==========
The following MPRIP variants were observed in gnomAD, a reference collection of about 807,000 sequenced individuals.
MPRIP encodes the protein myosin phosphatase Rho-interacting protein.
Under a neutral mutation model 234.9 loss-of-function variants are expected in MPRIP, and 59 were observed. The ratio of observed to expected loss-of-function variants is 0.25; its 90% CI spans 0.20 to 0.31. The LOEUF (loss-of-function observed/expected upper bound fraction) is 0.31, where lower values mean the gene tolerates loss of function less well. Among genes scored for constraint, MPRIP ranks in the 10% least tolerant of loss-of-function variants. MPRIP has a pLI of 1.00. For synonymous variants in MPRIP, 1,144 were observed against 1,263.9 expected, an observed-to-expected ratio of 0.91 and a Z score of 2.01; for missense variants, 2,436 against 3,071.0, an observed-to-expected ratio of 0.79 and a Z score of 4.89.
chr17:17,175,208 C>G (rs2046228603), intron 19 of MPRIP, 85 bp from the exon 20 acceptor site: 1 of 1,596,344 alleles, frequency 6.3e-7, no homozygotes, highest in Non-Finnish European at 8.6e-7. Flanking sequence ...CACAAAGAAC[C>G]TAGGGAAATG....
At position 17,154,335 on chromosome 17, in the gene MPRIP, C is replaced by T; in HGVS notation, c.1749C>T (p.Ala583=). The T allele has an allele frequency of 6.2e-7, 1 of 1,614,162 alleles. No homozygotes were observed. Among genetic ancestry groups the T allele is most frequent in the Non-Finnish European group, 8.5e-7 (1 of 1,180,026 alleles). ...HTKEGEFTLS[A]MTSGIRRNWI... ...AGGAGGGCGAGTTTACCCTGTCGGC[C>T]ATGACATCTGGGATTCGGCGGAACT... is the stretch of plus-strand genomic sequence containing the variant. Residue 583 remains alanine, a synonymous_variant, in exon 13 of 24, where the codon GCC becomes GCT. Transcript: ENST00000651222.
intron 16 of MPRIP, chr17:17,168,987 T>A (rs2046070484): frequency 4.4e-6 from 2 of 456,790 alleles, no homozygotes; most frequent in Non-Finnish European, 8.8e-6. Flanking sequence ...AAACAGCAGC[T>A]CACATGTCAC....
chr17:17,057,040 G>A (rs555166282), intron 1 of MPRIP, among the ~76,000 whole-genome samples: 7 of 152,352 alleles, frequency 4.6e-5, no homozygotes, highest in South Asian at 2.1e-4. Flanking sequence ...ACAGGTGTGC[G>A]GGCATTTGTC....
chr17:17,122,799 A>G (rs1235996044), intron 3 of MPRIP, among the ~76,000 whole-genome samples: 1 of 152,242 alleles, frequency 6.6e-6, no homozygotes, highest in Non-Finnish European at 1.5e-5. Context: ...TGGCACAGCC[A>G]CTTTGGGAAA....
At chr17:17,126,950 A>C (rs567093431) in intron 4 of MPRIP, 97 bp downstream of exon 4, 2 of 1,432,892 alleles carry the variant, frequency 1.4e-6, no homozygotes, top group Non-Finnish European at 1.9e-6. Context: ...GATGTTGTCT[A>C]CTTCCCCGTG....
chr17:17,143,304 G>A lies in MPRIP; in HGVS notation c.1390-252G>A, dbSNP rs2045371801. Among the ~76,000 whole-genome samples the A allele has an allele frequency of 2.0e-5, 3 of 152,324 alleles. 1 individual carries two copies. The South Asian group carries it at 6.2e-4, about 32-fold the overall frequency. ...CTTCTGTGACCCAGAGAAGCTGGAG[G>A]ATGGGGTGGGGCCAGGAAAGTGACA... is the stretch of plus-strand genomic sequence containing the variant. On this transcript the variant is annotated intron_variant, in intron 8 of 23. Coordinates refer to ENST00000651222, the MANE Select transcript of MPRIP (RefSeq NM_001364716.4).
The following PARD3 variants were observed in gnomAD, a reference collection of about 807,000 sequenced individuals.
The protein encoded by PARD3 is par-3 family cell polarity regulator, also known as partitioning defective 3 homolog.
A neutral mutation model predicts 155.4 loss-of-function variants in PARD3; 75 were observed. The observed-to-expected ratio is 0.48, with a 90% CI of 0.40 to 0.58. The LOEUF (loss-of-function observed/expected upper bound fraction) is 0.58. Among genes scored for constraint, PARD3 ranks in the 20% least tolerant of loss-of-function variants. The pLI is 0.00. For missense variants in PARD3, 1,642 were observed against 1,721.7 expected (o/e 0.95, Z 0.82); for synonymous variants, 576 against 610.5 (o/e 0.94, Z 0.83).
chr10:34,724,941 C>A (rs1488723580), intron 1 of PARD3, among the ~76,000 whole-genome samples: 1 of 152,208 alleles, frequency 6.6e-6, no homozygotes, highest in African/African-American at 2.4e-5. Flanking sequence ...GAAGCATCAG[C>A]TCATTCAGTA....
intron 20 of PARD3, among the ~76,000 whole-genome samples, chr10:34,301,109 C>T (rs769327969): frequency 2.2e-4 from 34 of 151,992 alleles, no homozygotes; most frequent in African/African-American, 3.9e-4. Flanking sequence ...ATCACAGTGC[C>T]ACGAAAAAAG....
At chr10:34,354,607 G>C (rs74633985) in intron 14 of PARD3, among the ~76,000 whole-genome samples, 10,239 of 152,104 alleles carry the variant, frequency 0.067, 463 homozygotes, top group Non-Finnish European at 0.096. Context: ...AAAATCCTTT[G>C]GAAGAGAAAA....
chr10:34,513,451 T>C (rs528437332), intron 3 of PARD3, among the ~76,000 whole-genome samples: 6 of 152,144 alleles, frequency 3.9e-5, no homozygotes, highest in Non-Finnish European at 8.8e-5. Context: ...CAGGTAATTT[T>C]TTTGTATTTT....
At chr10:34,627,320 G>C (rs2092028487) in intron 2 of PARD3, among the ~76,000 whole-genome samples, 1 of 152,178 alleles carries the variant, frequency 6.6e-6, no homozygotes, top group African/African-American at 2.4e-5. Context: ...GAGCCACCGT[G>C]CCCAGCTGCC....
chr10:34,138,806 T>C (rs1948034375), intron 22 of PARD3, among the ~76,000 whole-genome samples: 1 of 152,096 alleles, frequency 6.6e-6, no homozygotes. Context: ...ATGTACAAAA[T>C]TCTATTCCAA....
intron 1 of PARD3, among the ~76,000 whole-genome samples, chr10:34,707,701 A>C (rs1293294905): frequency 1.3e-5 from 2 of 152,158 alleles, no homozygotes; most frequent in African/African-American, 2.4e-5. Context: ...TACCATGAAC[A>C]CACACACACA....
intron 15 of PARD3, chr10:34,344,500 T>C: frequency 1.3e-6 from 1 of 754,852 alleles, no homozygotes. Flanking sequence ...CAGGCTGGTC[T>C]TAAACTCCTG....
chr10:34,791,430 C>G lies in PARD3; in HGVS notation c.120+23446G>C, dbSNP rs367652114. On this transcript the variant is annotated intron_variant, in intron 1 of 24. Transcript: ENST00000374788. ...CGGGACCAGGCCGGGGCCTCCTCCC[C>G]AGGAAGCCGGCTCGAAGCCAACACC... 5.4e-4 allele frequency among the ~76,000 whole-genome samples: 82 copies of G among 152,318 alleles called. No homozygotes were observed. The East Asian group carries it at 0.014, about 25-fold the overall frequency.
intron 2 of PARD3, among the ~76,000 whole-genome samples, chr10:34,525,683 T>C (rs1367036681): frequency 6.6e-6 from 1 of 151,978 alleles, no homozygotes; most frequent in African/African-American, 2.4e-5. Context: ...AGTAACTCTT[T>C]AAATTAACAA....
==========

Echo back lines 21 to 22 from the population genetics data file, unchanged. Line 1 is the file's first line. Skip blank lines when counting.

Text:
intron 15 of PARD3, chr10:34,344,500 T>C: frequency 1.3e-6 from 1 of 754,852 alleles, no homozygotes. Flanking sequence ...CAGGCTGGTC[T>C]TAAACTCCTG....
chr10:34,791,430 C>G lies in PARD3; in HGVS notation c.120+23446G>C, dbSNP rs367652114. On this transcript the variant is annotated intron_variant, in intron 1 of 24. Transcript: ENST00000374788. ...CGGGACCAGGCCGGGGCCTCCTCCC[C>G]AGGAAGCCGGCTCGAAGCCAACACC... 5.4e-4 allele frequency among the ~76,000 whole-genome samples: 82 copies of G among 152,318 alleles called. No homozygotes were observed. The East Asian group carries it at 0.014, about 25-fold the overall frequency.